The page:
SUPREME COURT HOLDS STATEMENT OF MAIN WITNESS NEEDS TO BE CORROBORATED BY THE STATEMENT OF OTHER INDEPENDENT WITNESSES
In a recent Criminal Appeal, a two Judge Bench of the Supreme Court comprising of Justice Indira Banerjee and Justice V. Ramasubramanian passed a Judgement dated 30.08.2022 in ‘Sanjeet Kumar Singh@Munna Kumar Singh v. State of Chhattisgarh, Criminal Appeal No 871 of 2021’ and set aside the Judgement dated 01.10.2019 (Impugned Order) passed by the High Court of Chhattisgarh and held that the statement of main witness needs to be corroborated by the statement of other independent witnesses under the Narcotic Drugs and Psychotropic Substances Act, 1985.
In this case, the Station House Officer (SHO for short) of Chakarbhata Police Station received a secret information that the Appellant and his friend, one, Reena Das, were carrying ganja in a car and were travelling from Raipur to Pendra Road. The SHO recorded this information in Rojnamcha Sanha, prepared Mukhbir Suchana, forwarded the said information to the higher officer and then proceeded to the spot and stopped the car. A notice was served under Section 50 (Conditions under which search of persons shall be conducted) of the Narcotic Drugs and Psychotropic Substances Act, 1985 (the Act), and then subsequently a search was conducted. Some 47.370 Kgs. of ganja kept in three bags were found in the car. The SHO collected samples from each of the three bags, sent them to Forensic Science Laboratory (FSL) and after receipt of the Report, filed a chargesheet against the Appellant as well as his friend Reena Das for an offence punishable under Section 20(b) of the Act. Section 20(b) of the Act states that if anyone produces, manufactures, possesses, sells, purchases, transports, imports inter-State, exports inter-State or uses cannabis and the quantity involved is lesser than commercial quantity but greater than small quantity then that person shall be punished with rigorous imprisonment for a term which may extend to ten years, and with fine which may extend to one lakh rupees.
The Special Court established under the Act, based on the chargesheet convicted the Appellant for the offence under Section 20(b) of the Act, and imposed a sentence of rigorous imprisonment of 10 years vide Order dated 10.05.2017. However, Reena Das was acquitted by the Special Court. The State did not file appeal against the acquittal of Reena Das.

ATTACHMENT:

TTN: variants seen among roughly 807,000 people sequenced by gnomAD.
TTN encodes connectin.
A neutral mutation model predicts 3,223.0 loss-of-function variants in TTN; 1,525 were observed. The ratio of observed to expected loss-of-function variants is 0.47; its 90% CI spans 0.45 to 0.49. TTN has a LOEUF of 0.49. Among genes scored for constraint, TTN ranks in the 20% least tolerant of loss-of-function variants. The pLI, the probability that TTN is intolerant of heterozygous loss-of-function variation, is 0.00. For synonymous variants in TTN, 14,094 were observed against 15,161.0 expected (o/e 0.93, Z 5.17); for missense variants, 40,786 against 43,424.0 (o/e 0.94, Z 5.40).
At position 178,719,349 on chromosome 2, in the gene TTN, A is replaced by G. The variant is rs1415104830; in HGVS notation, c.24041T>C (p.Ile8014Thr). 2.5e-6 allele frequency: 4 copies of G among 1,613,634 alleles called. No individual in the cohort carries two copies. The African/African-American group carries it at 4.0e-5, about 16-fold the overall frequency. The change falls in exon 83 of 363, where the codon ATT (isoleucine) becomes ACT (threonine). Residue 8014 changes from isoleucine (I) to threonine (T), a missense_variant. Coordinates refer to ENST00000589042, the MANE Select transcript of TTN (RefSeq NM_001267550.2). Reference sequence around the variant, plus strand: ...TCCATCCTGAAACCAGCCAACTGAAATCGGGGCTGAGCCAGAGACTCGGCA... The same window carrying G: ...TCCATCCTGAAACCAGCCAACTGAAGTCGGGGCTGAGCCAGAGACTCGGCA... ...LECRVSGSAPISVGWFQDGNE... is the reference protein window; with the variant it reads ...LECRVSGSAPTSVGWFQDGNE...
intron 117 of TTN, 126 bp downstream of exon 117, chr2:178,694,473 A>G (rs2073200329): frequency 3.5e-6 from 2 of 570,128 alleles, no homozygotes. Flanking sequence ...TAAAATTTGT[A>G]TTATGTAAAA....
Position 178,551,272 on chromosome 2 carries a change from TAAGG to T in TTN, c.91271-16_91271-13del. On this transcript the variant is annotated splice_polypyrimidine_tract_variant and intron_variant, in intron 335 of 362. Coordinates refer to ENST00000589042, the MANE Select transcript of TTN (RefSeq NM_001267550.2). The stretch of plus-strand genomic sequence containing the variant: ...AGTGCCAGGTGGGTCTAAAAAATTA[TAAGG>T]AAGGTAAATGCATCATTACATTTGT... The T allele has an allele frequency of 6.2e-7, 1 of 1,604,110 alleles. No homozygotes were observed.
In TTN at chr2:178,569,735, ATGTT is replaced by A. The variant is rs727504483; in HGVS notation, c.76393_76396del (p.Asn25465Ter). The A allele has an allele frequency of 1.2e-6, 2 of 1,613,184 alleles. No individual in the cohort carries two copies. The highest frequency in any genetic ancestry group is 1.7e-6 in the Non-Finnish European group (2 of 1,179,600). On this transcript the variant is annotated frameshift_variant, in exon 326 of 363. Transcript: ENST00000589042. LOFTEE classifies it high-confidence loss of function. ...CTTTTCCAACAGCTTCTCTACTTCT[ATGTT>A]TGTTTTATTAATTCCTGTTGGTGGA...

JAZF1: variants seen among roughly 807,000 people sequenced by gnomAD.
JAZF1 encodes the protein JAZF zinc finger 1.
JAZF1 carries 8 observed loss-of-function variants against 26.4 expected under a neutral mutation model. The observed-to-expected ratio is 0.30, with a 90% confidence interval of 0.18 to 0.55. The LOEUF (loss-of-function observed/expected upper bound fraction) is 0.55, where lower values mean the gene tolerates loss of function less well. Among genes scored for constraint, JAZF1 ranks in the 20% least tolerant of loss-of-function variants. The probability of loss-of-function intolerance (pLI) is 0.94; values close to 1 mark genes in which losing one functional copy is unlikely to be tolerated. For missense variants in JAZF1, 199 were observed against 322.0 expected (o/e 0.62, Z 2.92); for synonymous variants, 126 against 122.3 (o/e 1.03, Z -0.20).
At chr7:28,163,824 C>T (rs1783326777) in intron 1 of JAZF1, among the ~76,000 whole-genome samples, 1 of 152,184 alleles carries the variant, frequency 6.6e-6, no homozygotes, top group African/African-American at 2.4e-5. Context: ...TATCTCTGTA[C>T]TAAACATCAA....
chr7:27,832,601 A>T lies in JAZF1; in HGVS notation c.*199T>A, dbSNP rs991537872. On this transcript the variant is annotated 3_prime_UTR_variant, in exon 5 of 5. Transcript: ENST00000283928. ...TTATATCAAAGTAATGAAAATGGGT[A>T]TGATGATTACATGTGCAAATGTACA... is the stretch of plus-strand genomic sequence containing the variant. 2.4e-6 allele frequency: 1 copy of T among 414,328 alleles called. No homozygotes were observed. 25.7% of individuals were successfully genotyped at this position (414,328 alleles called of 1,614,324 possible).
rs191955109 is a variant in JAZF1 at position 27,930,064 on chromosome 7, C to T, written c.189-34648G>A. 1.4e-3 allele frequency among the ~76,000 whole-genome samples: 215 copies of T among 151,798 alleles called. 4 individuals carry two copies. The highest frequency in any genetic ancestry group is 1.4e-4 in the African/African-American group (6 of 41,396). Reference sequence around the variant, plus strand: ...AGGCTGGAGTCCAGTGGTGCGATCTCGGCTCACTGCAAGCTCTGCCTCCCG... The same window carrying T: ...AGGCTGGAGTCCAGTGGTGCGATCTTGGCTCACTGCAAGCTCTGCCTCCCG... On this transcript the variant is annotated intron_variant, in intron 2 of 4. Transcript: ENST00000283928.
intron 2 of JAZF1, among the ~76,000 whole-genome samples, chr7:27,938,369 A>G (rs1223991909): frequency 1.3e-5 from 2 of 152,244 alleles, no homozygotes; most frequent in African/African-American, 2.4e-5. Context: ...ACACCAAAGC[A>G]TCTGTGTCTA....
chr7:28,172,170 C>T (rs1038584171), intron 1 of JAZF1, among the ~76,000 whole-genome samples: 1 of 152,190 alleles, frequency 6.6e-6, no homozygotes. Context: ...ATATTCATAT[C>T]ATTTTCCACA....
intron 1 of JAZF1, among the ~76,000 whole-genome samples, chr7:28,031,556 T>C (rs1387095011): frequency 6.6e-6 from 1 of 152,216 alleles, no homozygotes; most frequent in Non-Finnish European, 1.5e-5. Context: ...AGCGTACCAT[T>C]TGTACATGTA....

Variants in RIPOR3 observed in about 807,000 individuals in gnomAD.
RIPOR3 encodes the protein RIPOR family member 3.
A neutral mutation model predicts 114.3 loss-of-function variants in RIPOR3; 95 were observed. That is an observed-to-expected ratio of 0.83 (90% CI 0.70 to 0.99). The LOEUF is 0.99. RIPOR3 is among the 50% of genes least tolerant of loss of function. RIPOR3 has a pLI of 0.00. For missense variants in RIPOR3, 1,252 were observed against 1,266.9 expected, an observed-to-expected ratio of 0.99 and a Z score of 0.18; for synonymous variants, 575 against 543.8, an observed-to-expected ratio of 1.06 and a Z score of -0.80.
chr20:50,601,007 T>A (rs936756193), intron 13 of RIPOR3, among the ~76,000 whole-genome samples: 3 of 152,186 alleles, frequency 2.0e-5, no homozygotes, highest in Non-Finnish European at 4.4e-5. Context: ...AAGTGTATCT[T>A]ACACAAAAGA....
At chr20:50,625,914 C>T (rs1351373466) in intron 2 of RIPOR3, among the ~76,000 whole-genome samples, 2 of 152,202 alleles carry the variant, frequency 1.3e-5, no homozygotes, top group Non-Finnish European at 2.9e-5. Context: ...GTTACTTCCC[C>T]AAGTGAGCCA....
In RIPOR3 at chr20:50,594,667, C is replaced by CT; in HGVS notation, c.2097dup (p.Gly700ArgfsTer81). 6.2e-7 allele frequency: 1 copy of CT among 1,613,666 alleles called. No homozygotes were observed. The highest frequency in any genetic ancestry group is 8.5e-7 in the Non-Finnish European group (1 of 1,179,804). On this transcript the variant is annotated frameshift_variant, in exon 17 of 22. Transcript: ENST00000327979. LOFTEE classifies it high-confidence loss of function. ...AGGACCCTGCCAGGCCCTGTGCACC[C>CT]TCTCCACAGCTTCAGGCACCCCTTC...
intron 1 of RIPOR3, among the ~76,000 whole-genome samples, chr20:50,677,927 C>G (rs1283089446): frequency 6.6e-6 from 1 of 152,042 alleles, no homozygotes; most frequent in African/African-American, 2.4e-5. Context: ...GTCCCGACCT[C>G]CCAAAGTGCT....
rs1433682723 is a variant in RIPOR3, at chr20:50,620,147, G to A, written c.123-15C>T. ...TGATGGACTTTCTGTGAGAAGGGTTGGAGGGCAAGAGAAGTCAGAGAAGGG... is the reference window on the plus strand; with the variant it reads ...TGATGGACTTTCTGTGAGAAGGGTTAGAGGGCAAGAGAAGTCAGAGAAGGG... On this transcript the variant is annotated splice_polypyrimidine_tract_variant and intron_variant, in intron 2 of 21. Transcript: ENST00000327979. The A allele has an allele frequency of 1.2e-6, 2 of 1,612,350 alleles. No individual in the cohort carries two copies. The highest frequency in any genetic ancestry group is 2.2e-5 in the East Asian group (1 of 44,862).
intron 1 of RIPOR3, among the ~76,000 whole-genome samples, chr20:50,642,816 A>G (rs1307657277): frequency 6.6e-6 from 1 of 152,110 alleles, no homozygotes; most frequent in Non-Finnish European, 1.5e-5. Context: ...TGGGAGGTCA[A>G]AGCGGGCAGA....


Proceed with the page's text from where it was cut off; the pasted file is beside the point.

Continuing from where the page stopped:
The Appellant filed an Appeal against the Order dated 10.05.2017 passed by the Special Court, before the High Court of Chhattisgarh, Bilaspur. The Appeal was dismissed by a Judgement dated 01.10.2019. The Appellant aggrieved by the Order of the High Court filed an Appeal before the Supreme Court.
The Apex Court after considering the contentions made by both the parties, observed that, “The Special Court, for coming to the conclusion that the appellant was guilty of the offence, relied extensively upon the testimony of Mr. N.L. Dhritlahre, Deputy Superintendent of Police, who acted both as the informant and as the Investigating Officer (‘I.O.’ for short) and who was examined as PW7. The Special Court found that PW7 had followed the procedure prescribed in Sections 43 and 49 of the Act and that his testimony remained unshaken.”
The Appellant contended that the Special Court has completely disregard the lack of corroboration of the testimony of police witnesses by independent witnesses. The Supreme Court, further considered the statements made by PW7 and statements by other witnesses and observed that, “Therefore, if the story advanced by PW7 is to be believed, (i) he received the information at about 16:50 hrs.; (ii) he completed the formalities and sent notices to the independent witnesses at 17:10 hrs.; (iii) he left the Police Station at 17:10 hrs., and reached the place of incident in 57 minutes; and (iv) his team waited at the place of incident for 40 minutes for the accused to arrive. But in the above timeline, PW7 is completely silent about the time when the witnesses reached the Police Station or the place of incident.”
The Apex Court then checked various evidences and chargesheet for the timeline and held the I.O. examined as PW7 claims to have done everything only in the presence of independent witnesses. But those independent witnesses denied their presence and participation. The Supreme Court thus raised serious doubts on the search and seizure made by PW7. It was further held that Section 54 of the Act raises a presumption and the burden shifts on the accused to explain as to how he came into possession of the contraband. But to raise the presumption under Section 54 of the Act, it must first be established that a recovery was made from the accused and in the present case the recovery made from the Appellant was not established.
The Apex Court held that the Appellant was entitled to the benefit of doubt. Therefore, the Supreme Court set aside the Order of the High Court dated 01.10.2019 and acquitted the Appellant.
The Indian Lawyer & Allied Services
Sushila Ram Varma
Chief Consultant and Editor
The Indian Lawyer & Allied Services